Integrated river management is heralded as the new style of river management, but it has been preceded by a number of previous styles, and is unlikely to be the last. This article presents the first analysis of the evolution of river management using Spiral Dynamics (SD). SD provides a growth hierarchy of value systems (vMemes), reflecting increasing complexity and inclusiveness ranging from instinctive to holistic. Based on an interpretation of literature and policy documents, we conclude that (1) SD provides a broad interpretative framework that can be applied in all river basins, (2) river management in the Netherlands shows the subsequent dominance of the blue, orange, and green vMeme, yellow is at the take-off phase, (3) further transition to yellow integrated river management requires identification of barriers to change. We give an overview and policy implications. Further research should be oriented towards quantification of vMemes in stakeholders and landscaping measures.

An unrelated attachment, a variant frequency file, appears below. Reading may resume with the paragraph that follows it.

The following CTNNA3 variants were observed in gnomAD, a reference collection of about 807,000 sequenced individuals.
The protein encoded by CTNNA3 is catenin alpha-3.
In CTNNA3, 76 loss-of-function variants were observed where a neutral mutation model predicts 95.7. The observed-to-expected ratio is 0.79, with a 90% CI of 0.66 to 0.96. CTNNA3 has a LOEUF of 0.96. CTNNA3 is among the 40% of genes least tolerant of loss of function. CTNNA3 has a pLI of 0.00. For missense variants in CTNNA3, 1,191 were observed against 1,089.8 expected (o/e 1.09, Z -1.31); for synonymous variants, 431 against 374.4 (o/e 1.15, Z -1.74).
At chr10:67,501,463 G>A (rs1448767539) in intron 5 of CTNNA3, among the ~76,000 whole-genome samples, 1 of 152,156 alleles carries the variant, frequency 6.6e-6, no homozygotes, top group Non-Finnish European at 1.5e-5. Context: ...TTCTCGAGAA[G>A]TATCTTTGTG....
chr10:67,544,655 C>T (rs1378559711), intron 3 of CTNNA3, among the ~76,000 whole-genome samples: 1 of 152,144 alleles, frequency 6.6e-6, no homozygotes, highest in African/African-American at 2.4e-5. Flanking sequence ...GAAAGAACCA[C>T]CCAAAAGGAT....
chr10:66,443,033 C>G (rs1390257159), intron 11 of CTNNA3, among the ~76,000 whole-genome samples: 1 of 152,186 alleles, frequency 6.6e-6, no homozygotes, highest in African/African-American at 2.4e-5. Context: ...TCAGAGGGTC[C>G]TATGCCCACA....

Menno W. Straatsma and Reinier J.W. de Nooij
This article attempts to elevate the concept of respect from the level of interpersonal characteristics to one of theoretical significance, hopefully stimulating further debate and research. 'Respect' and 'deference' are often confused, resulting in difficulties in usage. The article explores these two terms within the context of organizations. It argues that respect and deference are culturally generated and maintained forms of interactions, which makes them relevant for anthropological investigation. Culture is observed within the symbolic context and analyzed at the level of elaborating symbols for the coordination of data in order to allow for a distinction between management styles in the organizations that form the objects of study in this article. It is suggested that firms that have developed a culture of respect appear to be more successful than those that are based on deference.